Apple recalls 1m batteries

Apple has decided that it’s notebook computers are also too dangerous to be allowed out in the wild, thus are recalling 1m batteries which are made by Sony, which are similar to those that were recalled a few weeks ago by Dell.

We haven’t seen any spectacular explosions appearing in pictures as yet, but, surely somebody will come up with some sooner rather than later, even if it is just someobdy putting some spare C4 onto the keyboard and releasing the pictures, just for effect.

Doh. Sony, Dell & Apple are going to have a lot to answer for.
Now I’m glad that I stuck to my guns and chose Compaq and Acer for my laptops.

Dell users; Qantas says No!

“I see you have a Dell laptop, sir. A fine choice.
Would you please follow me behind this little screen,
oh, the surgical gloves? They’re nothing really…”

So, Qantas have been smart and have put a directive into place to stop it’s passengers and crew from turning into a big lithium-ion fireball mid-flight.

If you are carrying a laptop, it will be checked to see if it is a Dell. If it is. You can still use it, but, either battery only or battery out and connected to the mains. Never battery & mains at the same time.

Bearing in mind that Qantas’ first policy on defective Dell’s were to take the battery out and tape up the contacts, this is rather leniant.
But, to be honest, if you know that your battery is affected and is part of the recalled batches, why the hell are you still using it anyway? And you also want to use it on a plane? Do you not fear for your life?


It’s like, so amazing I could just barf

So, Paris Hilton says that she, like, cries, and stuff, when she listens to her new album, how amazing.
But, at least Lindsay Lohan is getting her come-uppance.
Nobody was fooled by Tara Reid in the first place.
Jade Goody is going into slow decline and Charlotte Church is soon to be shamed with her new TV show which promises to be a total train wreck. I mean, Charlotte Church doing stand-up comedy? Give me a stick of dynamite and put me in the audience, please.

So, does all this mean that the celebrity fascination culture is finally coming to a head and that the public may finally see it for what it is and fight back? Are public burnings of OK!, Closer, Hello, New!, Heat, love it, More & Now magazines on the horizon? One can only hope. Look out for me, I’ll be at the front of the crowd with Jordan tied to a stake.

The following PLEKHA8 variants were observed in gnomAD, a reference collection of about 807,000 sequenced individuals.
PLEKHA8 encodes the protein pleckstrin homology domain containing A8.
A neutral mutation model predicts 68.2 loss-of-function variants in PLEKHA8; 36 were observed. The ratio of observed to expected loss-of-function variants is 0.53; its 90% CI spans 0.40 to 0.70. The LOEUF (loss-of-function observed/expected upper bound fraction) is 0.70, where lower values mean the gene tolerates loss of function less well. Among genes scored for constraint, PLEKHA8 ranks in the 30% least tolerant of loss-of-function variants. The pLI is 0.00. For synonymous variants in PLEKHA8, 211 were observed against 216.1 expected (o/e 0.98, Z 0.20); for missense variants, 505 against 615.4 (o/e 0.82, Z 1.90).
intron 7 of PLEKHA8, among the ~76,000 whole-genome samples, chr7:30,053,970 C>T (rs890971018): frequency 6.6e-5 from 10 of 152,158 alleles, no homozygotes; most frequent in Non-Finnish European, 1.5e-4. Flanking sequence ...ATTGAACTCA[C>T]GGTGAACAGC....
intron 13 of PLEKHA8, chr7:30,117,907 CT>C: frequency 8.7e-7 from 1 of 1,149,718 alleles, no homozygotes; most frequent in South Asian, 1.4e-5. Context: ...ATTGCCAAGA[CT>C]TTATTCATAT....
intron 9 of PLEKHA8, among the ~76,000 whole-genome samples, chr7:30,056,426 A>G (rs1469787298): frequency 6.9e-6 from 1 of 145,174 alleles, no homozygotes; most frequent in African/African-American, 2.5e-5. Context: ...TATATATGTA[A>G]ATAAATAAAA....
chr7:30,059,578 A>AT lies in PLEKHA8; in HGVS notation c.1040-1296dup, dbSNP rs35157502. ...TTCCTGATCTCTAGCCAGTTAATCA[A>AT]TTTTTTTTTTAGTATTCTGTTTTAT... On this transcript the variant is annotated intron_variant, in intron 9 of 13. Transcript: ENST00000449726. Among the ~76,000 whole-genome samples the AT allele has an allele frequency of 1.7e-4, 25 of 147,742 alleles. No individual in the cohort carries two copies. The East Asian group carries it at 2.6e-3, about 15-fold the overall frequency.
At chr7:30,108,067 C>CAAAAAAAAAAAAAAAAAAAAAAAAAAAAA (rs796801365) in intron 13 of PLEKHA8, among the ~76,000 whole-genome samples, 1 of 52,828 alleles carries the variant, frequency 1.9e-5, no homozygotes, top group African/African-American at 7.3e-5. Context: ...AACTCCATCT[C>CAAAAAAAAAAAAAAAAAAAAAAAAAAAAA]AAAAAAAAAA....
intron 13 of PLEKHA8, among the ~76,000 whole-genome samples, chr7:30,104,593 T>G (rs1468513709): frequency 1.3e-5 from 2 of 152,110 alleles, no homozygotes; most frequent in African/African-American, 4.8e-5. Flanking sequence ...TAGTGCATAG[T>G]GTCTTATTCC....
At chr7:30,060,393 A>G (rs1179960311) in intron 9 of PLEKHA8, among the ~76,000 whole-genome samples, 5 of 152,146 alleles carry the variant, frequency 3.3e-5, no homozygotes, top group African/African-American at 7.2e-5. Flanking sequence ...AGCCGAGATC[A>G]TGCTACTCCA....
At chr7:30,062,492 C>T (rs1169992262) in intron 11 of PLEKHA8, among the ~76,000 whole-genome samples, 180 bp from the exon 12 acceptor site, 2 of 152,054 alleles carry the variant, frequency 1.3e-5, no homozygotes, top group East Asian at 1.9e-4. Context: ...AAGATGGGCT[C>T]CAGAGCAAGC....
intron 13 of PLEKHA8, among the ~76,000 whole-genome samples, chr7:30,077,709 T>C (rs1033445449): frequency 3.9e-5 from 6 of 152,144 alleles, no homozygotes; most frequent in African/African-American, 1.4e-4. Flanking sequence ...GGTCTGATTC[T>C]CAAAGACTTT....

Bad Wenglish

Yes, cyclists must dismount, but, if you were reading the Welsh, you wouldn’t necessarily know that, in fact, you might be quite alarmed at what that little yellow sign was telling you.
This sign can be found at the roadworks between Cardiff Bay & Penarth.

The top, is obviously English, and, as usual for Wales, it’s Welsh translation is below, should be.
In this case, it’s totally irrelevant, but admittedly quite funny, drivel.



Sneaky Cameroonian bastards

No longer will a certain typo go unpunished when navigating to a web address.

Happen to miss out the O in .com and you will be directed to a page full of advertising.
The nation of Cameroon, which controls the .cm TLD, has put a wildcard into its DNS system, so that any domain on the .cm system that is not registered, is directed to this advertising page.

Pretty sneaky, in my books. But then, it was worse when Verisign tried to do it back in the summer of ’03.
What they did, was exactly the same, except, obviously, it had a bigger hit range. If you navigated to a non-existant .com or .net web address, you would be confronted with a page of possible suggestions, and of course, some paid links.
Plus, it broke other things. SMTP, for example. Because, essentially, every single domain was ‘registered’, if you sent an email to an incorrectly spelt domain, instead of getting an error message back from your SMTP server, you would get either nothing, or an error returned from the Verisign SMTP server, which is not good for many reasons.

Needless to say, it didn’t go down well and Verisign were forced to remove it after just a few days.

Of course, if you are really aggreived by the fact that Cameroon want your typos, you could just edit your hosts file to send *.cm to (or similar), thus rendering the entire TLD out of your range. I mean, when was the last time you visited a Cameroonian website?

Check out my Cameroonian website, if you will.